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There’s one orchestra in the news this week – though let’s be honest, as we saw in  February, everything the Berlin Philharmonic do is newsworthy. Here’s the article that I wrote for Metro in 2008, when they played at the Liverpool Philharmonic Hall as part of the city’s year as European Capital of Culture. I was particularly chuffed to be able to talk to my old Birmingham colleague Jonathan Kelly for this article – not the first great musician to take the journey from Birmingham to Berlin, and not, I rather suspect, the last…


“I don’t want to sound arrogant” says Pamela Rosenberg.  “I think we’re considered to be the flagship orchestra in Germany and I know that our city, and chancellor Angela Merkel, see us as ambassadors.  But internationally, there are a lot of wonderful orchestras – and we’re in the mix”.

Fair enough.  Until, that is, you realise that Rosenberg is General Manager of the Berlin Philharmonic – and suddenly it becomes an understatement on an heroic scale.  For classical music fans, the BPO’s Liverpool gig is the unquestioned climax of 2008.  Tickets sold out months ago.  Because as anyone even remotely interested in classical music knows, the Berlin Philharmonic is arguably the finest orchestra in the world.

And best of all, it’s conducted by a Liverpudlian.  There’s not a music-lover on Merseyside who isn’t choked with pride to see Sir Simon Rattle coming home at the head of this legendary band.  But to appreciate the true significance of Rattle’s appointment as principal conductor in 2002, you need to understand the BPO’s unique place in German culture.  In the first half of the twentieth century, under its visionary conductor Wilhelm Furtwängler, it established itself as the supreme interpreter of the great German classics, from Bach through to Wagner.

Later, under the autocratic Herbert von Karajan, it developed a rich, silky-smooth sound that set a new international benchmark for orchestral playing.  “You may never again hear playing as beautiful as this” one critic is said to have told a younger colleague after a BPO concert “but now you know that it can be done”.

Berlin Phil oboist Jonathan Kelly feels the same way.  “I’ve been listening to CDs of this orchestra since I was a boy.  For me it’s always been an ideal”.  And seated bang in the centre of the orchestra, he’s uniquely placed to experience the Berlin sound.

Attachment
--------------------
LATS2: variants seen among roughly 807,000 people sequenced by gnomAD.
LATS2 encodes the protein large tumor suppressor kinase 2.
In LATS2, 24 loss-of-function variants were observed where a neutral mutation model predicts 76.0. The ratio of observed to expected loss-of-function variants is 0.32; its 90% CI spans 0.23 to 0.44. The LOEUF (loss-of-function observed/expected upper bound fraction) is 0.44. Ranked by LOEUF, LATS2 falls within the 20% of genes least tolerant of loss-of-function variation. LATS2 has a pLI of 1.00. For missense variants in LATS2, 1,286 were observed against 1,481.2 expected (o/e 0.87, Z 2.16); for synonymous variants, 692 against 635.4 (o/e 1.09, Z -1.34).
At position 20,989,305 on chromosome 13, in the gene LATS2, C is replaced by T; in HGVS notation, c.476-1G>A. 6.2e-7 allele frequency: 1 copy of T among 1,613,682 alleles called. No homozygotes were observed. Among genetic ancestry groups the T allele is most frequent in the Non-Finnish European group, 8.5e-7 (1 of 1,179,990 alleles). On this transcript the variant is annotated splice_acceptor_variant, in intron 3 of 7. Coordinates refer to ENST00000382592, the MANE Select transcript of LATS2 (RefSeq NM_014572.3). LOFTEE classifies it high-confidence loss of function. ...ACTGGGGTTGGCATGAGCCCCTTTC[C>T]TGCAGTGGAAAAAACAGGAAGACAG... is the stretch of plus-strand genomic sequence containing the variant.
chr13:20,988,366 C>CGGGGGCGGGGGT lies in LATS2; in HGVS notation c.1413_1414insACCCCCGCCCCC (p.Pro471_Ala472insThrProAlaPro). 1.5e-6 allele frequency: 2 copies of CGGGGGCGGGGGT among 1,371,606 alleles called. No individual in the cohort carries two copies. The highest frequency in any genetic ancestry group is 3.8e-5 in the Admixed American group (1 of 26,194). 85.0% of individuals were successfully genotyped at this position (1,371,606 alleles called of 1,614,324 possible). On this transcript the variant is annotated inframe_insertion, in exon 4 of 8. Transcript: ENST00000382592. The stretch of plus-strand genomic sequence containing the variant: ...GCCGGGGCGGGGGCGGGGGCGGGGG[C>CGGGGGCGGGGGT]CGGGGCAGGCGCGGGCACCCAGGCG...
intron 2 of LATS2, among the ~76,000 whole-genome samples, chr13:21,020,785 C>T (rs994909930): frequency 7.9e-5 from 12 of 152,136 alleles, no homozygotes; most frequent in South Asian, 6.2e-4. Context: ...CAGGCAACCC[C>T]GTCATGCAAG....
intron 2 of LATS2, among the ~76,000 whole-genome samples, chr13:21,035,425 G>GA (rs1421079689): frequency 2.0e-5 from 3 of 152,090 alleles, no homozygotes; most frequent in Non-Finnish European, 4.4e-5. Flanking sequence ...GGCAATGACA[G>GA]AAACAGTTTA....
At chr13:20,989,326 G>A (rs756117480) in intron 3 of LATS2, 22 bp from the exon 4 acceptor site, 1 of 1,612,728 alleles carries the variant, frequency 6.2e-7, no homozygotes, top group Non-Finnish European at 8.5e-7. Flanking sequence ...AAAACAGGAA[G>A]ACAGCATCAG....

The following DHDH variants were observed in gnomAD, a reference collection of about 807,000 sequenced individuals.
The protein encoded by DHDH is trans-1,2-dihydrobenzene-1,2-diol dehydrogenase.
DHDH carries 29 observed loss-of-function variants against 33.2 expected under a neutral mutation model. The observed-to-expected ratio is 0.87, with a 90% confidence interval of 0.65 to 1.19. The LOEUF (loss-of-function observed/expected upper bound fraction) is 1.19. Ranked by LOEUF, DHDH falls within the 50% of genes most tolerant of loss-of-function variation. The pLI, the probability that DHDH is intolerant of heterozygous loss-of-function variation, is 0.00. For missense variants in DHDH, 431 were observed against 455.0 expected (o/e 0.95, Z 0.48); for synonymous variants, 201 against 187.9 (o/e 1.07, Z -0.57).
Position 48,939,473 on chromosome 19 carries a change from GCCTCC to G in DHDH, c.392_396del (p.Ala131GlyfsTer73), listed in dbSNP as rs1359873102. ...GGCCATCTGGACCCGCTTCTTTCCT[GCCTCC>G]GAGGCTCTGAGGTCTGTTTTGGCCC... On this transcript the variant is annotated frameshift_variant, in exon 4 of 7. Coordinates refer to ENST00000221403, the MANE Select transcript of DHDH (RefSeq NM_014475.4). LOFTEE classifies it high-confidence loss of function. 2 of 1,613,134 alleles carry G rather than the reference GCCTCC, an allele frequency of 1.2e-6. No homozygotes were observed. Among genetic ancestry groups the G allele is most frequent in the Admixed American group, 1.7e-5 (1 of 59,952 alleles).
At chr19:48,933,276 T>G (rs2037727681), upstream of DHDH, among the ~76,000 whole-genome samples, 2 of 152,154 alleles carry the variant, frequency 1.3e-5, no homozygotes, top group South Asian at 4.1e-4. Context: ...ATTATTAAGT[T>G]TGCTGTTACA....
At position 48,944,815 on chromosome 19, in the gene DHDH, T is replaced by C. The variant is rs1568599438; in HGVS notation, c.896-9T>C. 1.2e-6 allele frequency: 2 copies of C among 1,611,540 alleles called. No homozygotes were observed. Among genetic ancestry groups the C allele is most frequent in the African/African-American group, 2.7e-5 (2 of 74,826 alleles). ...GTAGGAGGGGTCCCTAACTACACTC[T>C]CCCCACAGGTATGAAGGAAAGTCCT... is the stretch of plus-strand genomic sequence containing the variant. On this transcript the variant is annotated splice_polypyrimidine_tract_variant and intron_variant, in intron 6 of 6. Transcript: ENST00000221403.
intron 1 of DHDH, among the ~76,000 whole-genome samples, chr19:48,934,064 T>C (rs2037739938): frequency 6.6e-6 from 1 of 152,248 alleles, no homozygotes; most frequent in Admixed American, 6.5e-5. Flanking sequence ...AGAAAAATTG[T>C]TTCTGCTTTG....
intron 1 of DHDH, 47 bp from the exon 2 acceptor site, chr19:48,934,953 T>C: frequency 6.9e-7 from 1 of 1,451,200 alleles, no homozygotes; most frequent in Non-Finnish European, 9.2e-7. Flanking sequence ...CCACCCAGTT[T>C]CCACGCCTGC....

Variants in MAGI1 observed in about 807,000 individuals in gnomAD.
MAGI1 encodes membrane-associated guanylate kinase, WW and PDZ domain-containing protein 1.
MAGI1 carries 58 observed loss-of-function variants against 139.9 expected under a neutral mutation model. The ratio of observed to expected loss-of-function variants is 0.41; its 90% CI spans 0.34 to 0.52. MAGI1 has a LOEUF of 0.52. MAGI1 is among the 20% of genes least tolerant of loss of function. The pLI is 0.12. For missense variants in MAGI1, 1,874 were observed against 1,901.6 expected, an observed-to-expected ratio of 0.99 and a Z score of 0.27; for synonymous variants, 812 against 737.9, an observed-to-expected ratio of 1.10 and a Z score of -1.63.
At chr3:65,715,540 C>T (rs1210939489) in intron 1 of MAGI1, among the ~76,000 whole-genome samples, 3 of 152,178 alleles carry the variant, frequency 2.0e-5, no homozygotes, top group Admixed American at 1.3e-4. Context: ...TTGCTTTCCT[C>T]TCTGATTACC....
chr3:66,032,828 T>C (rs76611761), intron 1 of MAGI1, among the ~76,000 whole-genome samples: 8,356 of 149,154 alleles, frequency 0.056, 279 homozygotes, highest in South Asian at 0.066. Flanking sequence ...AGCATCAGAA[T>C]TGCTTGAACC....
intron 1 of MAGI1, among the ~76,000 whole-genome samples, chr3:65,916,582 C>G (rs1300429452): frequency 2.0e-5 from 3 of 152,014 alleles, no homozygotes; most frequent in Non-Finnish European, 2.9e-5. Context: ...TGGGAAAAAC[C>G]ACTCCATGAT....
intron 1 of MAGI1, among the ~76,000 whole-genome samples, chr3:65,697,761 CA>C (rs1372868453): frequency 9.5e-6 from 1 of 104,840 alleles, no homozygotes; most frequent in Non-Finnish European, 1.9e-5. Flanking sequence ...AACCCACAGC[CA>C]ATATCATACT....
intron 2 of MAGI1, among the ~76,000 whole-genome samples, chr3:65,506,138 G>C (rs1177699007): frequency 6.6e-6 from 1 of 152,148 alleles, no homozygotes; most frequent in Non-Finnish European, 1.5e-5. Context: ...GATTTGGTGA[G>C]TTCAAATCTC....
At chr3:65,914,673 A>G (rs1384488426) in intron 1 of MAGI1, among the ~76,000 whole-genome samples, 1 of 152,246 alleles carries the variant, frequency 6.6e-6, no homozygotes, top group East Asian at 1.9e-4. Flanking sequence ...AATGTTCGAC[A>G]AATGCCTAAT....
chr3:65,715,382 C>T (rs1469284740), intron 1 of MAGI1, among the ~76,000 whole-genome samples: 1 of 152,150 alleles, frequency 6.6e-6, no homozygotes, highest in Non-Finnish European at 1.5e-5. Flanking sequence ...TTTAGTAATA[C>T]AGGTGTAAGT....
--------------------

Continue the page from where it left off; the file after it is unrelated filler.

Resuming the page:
“The sound is part of the orchestra’s tradition, something it’s very proud of” he explains.  “Everyone who joins the orchestra is aware of that, and maybe even adapts their own sound to fit.  What’s special about the sound is that it has this almost animal quality that rises up in concert, like a living thing.  It’s this wonderful dark sound, but also very strong.  This orchestra has incredible reserves of energy.  Everyone, from the front to the back, gives absolutely everything in a concert.  I love that.”

So what prompted the musicians to embrace a conductor as defiantly un-traditional as Rattle?  The BPO’s Liverpool programme – Messiaen’s orgasmic Turangalîla-Symphonie – could hardly be further from the orchestra’s ancestral heartland of Beethoven and Brahms.  Rosenberg sees Rattle’s appointment as proof of the musicians’ commitment to the future.

“I think it was a signal that the orchestra wanted to embrace innovation” she suggests. “Rattle’s broad-minded approach to music, and the huge scope of his interests, from early music to the 21st century – this was of great interest to the musicians.  Now, there’s a synergy – artistic exploration is fed by tradition, and that exploration refreshes the tradition.”  Kelly agrees:

“In some ways he’s found a meeting of two traditions.  Older players in the orchestra, especially the ones who played under Karajan, are very positive about him.  They like the fact that he’s so human.  He’s not a grand maestro type – he just wants to make music with them.”

And no orchestra makes music like the Berlin Phil.  At a time when Liverpool’s own rather fine Philharmonic is scaling new heights, the BPO is an inspiring example of how an orchestra can come to embody a modern city.  Rosenberg has a message for the European Capital of Culture:

“Classical music is vital for the communal health of a city.  It can be a galvanising instrument.  Both in Liverpool and in Berlin, orchestras have the potential to make a huge difference.  An orchestra contributes to both the social and the spiritual life of a city.  Without one, you’re looking at a wasteland”.

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